Like most Americans of a certain age, I first met Beowulf in an English class in high school. I know exactly where I met him – in a classroom on the second floor of the school, in a textbook entitled England in Literature. It was an all-boys high school, so the story of Beowulf, Grendel and Grendl’s mother held our attention more than more works – we couldn’t resist lots of blood and gore, ogres eating knights for snacks, and arms getting whacked off?
I ran across Beowulf again in college, in an English literature class my sophomore year. Being a mixed-gender class and something more serious than high school students thinking of graduation, we focused on the epic poem itself, its structure and narrative, its history and the various literary theories about it. (Am I something of a cretin to say the blood and gore approach was more engaging?)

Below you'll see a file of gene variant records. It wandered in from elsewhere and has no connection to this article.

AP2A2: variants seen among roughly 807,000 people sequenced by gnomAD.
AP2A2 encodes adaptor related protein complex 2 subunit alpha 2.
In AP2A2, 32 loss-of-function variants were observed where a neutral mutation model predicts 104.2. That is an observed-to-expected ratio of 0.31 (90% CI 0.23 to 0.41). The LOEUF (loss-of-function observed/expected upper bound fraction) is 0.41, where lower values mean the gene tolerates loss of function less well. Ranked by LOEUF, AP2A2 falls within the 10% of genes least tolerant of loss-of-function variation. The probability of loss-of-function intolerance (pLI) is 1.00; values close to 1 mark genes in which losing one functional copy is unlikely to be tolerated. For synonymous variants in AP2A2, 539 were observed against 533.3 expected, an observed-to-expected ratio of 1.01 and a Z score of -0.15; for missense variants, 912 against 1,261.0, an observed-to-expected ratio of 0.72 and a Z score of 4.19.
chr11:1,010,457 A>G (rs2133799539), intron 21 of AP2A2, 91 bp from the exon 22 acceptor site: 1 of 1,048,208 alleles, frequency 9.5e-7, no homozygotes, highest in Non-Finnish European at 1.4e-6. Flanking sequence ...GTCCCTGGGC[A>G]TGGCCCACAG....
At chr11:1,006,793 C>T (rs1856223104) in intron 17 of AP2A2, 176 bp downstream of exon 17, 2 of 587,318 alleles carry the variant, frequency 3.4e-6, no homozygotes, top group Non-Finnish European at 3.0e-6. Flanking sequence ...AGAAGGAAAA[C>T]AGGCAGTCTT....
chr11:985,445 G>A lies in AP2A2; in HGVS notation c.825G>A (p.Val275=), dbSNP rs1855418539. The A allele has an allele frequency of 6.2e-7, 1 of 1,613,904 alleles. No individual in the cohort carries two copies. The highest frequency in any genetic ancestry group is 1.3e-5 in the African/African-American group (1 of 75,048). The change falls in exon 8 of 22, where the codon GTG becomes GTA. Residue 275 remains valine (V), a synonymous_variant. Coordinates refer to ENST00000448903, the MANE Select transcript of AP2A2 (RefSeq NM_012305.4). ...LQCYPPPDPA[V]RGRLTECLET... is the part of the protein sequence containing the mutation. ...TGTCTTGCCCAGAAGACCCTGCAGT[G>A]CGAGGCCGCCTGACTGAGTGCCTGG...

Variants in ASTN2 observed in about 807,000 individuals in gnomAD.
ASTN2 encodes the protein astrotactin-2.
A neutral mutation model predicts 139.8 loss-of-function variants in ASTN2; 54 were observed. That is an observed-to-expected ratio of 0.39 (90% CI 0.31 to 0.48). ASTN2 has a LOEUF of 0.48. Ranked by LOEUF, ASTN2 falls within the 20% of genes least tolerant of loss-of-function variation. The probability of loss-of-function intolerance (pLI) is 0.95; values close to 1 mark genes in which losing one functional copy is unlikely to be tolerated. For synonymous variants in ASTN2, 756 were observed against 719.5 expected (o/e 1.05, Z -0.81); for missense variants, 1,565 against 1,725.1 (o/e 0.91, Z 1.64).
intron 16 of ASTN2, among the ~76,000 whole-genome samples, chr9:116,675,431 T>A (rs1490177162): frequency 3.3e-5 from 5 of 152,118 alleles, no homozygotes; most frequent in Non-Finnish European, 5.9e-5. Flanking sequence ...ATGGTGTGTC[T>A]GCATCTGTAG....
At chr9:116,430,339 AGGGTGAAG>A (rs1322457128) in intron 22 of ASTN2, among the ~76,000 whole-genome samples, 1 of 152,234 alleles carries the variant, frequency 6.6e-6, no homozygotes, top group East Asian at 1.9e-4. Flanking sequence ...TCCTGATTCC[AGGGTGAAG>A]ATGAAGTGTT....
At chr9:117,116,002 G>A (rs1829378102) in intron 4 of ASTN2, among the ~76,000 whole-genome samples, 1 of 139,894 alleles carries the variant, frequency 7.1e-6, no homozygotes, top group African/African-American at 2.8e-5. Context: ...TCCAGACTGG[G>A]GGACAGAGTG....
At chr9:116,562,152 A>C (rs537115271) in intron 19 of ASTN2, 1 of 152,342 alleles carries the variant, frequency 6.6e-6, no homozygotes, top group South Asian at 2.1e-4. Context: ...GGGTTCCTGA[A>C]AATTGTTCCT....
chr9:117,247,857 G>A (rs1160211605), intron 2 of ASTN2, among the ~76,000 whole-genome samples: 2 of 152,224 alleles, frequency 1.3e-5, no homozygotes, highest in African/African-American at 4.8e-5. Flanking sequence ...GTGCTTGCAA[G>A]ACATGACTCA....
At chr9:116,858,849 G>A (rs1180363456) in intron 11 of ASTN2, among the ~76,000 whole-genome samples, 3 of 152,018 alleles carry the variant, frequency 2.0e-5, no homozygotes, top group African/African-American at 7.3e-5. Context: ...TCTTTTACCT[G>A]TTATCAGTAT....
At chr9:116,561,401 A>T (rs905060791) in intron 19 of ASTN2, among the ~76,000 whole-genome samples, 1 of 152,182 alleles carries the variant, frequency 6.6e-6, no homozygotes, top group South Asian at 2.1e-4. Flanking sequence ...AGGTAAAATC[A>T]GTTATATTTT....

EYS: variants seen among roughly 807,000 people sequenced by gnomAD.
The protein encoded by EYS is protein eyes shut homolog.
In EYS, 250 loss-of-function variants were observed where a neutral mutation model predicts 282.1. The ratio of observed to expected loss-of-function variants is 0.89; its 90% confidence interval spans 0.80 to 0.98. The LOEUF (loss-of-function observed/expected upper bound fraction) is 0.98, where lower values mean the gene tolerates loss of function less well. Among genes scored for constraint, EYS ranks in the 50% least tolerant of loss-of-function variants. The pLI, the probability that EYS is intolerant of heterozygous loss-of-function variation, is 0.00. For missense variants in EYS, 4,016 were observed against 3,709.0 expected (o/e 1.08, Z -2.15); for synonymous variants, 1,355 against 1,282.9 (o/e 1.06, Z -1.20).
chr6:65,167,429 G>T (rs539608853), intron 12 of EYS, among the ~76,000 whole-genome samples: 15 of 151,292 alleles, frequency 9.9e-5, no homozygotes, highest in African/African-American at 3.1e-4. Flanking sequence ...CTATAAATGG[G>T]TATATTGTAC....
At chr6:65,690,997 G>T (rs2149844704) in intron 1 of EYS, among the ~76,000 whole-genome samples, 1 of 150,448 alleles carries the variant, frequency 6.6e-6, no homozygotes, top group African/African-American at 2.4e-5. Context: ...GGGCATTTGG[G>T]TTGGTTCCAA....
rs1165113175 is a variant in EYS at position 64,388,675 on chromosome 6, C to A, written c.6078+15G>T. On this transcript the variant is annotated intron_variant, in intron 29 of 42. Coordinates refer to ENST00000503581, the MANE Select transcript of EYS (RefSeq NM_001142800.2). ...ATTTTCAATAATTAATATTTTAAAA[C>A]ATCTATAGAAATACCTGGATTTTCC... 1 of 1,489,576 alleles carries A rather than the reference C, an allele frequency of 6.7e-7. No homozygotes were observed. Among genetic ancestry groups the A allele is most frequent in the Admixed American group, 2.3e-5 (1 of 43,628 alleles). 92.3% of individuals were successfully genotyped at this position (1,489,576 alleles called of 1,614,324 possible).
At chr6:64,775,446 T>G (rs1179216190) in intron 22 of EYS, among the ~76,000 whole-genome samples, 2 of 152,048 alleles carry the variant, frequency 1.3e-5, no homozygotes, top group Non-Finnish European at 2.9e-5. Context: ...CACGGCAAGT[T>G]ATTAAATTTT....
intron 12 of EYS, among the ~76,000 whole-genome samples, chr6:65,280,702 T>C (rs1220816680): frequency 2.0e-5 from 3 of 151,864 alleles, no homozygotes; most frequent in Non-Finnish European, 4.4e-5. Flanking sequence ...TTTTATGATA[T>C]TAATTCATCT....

In the 1980s, I was reading John Gardner’s fiction, and discovered his short novel Grendl, telling the Beowulf story from Grendl’s point-of-view.
To continue reading, please see my post today at Tweetspeak Poetry.